WALLA WALLA — A meeting to decide a possible real estate acquisition by the Walla Walla Rural Library District produced no decision Thursday.
Rural Library District board members met for an hour in executive session at their offices at 37 Jade Street, but took no action after returning to open session. With nothing to vote on, Sandra Bradley, board chairwoman, then adjourned the meeting.
There are no plans to schedule another meeting at this time. If one is scheduled it will be announced, Bradley said.
The board had attempted to meet Wednesday to discuss the real estate acquisition, but deferred action for 24 hours after protests by the Union-Bulletin and the Library Users Coalition. Both objected to the meeting on the grounds that the board had failed to give 24 hours notice to the news media, as required by state law.
After conferring with their attorney, board members agreed to postpone the meeting one day to allow notification to be sent to the Union-Bulletin.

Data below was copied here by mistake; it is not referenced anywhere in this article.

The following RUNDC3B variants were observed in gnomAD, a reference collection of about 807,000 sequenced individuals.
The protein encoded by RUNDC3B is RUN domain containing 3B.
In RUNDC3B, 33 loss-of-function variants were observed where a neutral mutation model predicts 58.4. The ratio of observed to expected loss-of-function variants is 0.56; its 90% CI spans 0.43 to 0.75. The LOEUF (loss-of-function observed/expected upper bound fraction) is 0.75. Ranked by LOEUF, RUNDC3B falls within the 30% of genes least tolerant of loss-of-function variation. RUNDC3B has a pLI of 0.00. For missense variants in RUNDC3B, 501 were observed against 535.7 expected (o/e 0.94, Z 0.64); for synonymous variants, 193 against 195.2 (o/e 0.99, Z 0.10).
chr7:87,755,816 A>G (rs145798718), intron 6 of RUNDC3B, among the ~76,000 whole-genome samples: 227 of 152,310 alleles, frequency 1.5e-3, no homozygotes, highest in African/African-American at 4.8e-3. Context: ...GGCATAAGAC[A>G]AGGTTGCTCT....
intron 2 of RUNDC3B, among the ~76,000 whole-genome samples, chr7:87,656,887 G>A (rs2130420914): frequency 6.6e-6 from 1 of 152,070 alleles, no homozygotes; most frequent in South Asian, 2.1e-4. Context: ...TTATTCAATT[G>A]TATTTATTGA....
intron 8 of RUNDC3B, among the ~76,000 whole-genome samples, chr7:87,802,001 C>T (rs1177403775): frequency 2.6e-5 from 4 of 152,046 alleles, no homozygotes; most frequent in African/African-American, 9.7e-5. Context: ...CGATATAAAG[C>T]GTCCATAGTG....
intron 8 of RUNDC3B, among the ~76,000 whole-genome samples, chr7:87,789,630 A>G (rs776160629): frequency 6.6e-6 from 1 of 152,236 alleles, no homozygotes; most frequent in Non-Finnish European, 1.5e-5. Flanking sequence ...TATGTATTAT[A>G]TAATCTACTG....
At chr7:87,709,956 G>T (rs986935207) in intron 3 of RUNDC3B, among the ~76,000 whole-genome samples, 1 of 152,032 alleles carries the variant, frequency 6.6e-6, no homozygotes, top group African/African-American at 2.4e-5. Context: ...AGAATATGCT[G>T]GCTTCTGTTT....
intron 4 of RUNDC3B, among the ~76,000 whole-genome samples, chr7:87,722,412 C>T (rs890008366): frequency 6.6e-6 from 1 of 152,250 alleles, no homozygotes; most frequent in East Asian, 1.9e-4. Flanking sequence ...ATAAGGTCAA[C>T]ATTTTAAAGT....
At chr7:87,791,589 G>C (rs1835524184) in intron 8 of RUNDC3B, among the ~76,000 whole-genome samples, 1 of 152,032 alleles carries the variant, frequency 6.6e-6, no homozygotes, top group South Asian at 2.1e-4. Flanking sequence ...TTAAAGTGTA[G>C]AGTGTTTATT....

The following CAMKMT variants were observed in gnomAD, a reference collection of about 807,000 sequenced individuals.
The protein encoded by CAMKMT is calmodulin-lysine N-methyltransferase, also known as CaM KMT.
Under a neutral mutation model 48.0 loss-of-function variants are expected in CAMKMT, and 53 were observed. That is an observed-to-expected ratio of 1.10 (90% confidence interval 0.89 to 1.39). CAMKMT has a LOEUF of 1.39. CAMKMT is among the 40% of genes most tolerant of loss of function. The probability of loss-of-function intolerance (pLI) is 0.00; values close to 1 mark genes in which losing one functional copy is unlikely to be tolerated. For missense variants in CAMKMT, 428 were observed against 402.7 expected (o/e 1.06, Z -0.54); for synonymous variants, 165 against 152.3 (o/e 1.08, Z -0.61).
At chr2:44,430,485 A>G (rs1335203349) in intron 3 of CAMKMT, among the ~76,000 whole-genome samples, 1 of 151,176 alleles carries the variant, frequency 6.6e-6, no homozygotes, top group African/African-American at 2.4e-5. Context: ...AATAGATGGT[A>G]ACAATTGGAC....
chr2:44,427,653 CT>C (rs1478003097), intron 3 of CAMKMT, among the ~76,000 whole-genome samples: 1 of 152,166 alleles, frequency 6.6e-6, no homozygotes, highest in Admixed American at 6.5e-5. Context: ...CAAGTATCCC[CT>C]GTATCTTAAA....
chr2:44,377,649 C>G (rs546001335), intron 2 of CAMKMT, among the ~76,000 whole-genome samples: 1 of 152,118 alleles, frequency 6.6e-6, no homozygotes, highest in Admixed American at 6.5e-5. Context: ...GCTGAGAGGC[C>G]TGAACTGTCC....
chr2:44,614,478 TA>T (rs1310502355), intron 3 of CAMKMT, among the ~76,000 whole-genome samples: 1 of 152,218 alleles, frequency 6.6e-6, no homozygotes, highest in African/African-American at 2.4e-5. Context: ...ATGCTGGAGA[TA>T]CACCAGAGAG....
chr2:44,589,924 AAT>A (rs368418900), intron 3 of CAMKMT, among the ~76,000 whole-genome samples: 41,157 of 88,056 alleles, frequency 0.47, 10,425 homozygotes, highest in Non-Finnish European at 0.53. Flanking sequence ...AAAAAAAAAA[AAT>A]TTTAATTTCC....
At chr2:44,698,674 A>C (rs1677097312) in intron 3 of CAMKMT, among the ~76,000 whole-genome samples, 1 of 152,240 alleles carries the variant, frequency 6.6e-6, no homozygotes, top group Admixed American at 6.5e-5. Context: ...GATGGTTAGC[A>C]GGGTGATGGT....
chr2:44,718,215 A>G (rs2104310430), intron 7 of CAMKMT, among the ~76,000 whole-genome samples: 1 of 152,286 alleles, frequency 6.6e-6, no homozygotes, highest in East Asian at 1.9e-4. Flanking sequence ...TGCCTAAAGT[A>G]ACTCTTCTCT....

The district has announced it is planning to purchase property for a new $3.6 million, 15,000-square-foot library to serve county residents in areas surrounding the cities of Walla Walla and College Place.
The move to build a new library is the result of a split between the rural library district and the Walla Walla Library, which are ending their nearly four-decade long relationship.
Both agencies reported in June they had been unable to reach an agreement on how to provide library services to both city and county residents and would be pursuing their own strategic plans independent of each other.
The city and the Rural Library District have worked together since 1974 to provide library services with the district paying the city to provide library cards to county residents.
However, in recent years, the Rural Library District reduced its payment to the city, noting that since 2000 the city had reduced funding, services and hours of operation to its own library and was relying more on district funds to backfill the city’s library budget.
Prior to the Rural Library District’s decrease in funding, it paid the city $365,000 to provide cards in 2008.
Negotiations over the next four years resulted in payments ranging from as low as $188,000 to the current $245,000 for 2012.
County residents currently pay a library tax of about 48 cents per $1,000 of assessed property value. The city funds the Walla Walla Library through its general fund.
Alfred Diaz contributed to this report.